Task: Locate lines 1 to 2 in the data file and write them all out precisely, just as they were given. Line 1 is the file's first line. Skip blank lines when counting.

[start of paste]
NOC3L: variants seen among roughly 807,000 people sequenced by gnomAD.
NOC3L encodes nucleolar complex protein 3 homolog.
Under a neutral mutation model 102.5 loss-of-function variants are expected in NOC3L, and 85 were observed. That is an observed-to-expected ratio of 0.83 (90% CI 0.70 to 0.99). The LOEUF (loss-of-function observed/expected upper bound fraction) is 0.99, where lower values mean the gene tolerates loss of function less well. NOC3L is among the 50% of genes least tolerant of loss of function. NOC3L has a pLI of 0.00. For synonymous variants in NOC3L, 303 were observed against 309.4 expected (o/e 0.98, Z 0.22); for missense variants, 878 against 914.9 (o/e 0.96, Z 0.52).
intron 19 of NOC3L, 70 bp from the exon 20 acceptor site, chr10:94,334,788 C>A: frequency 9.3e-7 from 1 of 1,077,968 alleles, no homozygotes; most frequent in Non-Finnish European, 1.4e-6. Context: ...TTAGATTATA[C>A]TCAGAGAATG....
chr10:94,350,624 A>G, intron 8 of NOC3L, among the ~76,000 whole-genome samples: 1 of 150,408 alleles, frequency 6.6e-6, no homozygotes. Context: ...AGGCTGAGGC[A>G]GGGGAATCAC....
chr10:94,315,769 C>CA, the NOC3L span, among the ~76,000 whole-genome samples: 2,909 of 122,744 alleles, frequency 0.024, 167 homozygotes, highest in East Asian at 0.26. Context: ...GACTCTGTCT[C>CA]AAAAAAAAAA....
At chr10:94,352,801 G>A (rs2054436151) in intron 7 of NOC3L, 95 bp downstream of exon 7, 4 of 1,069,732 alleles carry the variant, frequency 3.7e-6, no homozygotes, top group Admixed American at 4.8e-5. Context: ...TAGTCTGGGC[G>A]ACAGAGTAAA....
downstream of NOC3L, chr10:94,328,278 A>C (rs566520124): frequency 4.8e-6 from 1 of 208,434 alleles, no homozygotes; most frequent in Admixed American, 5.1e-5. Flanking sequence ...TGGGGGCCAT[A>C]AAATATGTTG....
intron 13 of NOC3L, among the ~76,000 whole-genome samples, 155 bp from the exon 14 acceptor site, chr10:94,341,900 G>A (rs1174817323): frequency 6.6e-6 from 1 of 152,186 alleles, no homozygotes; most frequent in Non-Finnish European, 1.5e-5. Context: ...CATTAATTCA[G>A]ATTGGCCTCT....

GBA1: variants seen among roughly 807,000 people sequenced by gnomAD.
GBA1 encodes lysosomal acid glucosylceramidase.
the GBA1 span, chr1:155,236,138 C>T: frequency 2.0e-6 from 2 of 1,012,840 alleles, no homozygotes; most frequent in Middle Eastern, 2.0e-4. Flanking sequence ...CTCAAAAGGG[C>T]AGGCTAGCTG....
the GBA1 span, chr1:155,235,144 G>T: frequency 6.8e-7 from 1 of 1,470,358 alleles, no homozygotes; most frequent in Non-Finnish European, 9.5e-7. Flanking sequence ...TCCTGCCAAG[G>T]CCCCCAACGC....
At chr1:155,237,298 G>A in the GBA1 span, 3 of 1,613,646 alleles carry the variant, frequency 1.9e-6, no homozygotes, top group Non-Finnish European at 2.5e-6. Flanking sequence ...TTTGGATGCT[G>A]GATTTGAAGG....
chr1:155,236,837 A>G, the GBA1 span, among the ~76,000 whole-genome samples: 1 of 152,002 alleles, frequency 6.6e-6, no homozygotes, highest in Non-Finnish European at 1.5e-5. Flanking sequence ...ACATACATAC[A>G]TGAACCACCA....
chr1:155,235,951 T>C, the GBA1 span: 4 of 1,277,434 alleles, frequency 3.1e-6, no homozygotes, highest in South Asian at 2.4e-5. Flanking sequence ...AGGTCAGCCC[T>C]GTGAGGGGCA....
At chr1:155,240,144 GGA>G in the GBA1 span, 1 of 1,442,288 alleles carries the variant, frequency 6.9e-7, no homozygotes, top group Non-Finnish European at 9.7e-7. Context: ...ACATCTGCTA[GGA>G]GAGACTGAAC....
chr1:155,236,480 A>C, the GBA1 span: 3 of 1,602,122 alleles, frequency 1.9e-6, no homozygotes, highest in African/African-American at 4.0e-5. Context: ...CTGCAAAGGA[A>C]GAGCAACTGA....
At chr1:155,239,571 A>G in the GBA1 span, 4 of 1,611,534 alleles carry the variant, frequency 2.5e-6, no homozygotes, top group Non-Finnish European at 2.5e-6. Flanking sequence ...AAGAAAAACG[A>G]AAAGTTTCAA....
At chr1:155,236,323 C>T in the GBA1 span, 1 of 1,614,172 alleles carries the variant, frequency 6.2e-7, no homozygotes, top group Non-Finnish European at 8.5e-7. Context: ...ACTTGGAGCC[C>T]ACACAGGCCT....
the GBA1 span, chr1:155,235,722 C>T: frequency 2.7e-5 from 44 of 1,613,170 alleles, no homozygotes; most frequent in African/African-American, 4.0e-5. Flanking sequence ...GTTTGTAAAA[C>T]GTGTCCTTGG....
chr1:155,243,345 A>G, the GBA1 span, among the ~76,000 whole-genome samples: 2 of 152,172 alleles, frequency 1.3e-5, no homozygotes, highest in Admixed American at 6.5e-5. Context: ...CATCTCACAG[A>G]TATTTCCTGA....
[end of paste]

NOC3L: variants seen among roughly 807,000 people sequenced by gnomAD.
NOC3L encodes nucleolar complex protein 3 homolog.